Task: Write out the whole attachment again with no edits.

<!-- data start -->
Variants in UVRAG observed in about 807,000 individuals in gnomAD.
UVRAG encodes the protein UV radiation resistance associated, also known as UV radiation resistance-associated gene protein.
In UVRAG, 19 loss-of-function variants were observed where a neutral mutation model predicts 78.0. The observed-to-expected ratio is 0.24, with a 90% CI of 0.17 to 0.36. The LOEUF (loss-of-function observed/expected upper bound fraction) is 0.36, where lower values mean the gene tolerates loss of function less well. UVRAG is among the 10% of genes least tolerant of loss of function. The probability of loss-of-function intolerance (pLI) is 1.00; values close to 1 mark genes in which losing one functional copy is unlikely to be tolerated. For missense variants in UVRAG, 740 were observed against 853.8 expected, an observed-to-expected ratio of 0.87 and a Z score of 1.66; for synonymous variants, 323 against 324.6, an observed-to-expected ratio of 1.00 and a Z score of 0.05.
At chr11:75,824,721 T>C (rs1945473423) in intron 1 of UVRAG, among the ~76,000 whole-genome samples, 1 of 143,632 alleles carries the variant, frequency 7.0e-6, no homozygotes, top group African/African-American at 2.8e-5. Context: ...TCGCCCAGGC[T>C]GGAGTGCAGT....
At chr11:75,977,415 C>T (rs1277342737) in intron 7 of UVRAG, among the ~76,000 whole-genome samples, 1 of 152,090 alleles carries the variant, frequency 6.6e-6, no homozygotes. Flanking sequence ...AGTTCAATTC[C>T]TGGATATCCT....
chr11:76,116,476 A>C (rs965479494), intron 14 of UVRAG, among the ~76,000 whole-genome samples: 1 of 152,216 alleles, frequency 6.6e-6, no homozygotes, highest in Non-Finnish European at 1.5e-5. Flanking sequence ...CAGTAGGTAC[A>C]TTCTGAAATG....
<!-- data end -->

Variants in UVRAG observed in about 807,000 individuals in gnomAD.
UVRAG encodes the protein UV radiation resistance associated, also known as UV radiation resistance-associated gene protein.
In UVRAG, 19 loss-of-function variants were observed where a neutral mutation model predicts 78.0. The observed-to-expected ratio is 0.24, with a 90% CI of 0.17 to 0.36. The LOEUF (loss-of-function observed/expected upper bound fraction) is 0.36, where lower values mean the gene tolerates loss of function less well. UVRAG is among the 10% of genes least tolerant of loss of function. The probability of loss-of-function intolerance (pLI) is 1.00; values close to 1 mark genes in which losing one functional copy is unlikely to be tolerated. For missense variants in UVRAG, 740 were observed against 853.8 expected, an observed-to-expected ratio of 0.87 and a Z score of 1.66; for synonymous variants, 323 against 324.6, an observed-to-expected ratio of 1.00 and a Z score of 0.05.
At chr11:75,824,721 T>C (rs1945473423) in intron 1 of UVRAG, among the ~76,000 whole-genome samples, 1 of 143,632 alleles carries the variant, frequency 7.0e-6, no homozygotes, top group African/African-American at 2.8e-5. Context: ...TCGCCCAGGC[T>C]GGAGTGCAGT....
At chr11:75,977,415 C>T (rs1277342737) in intron 7 of UVRAG, among the ~76,000 whole-genome samples, 1 of 152,090 alleles carries the variant, frequency 6.6e-6, no homozygotes. Flanking sequence ...AGTTCAATTC[C>T]TGGATATCCT....
chr11:76,116,476 A>C (rs965479494), intron 14 of UVRAG, among the ~76,000 whole-genome samples: 1 of 152,216 alleles, frequency 6.6e-6, no homozygotes, highest in Non-Finnish European at 1.5e-5. Flanking sequence ...CAGTAGGTAC[A>C]TTCTGAAATG....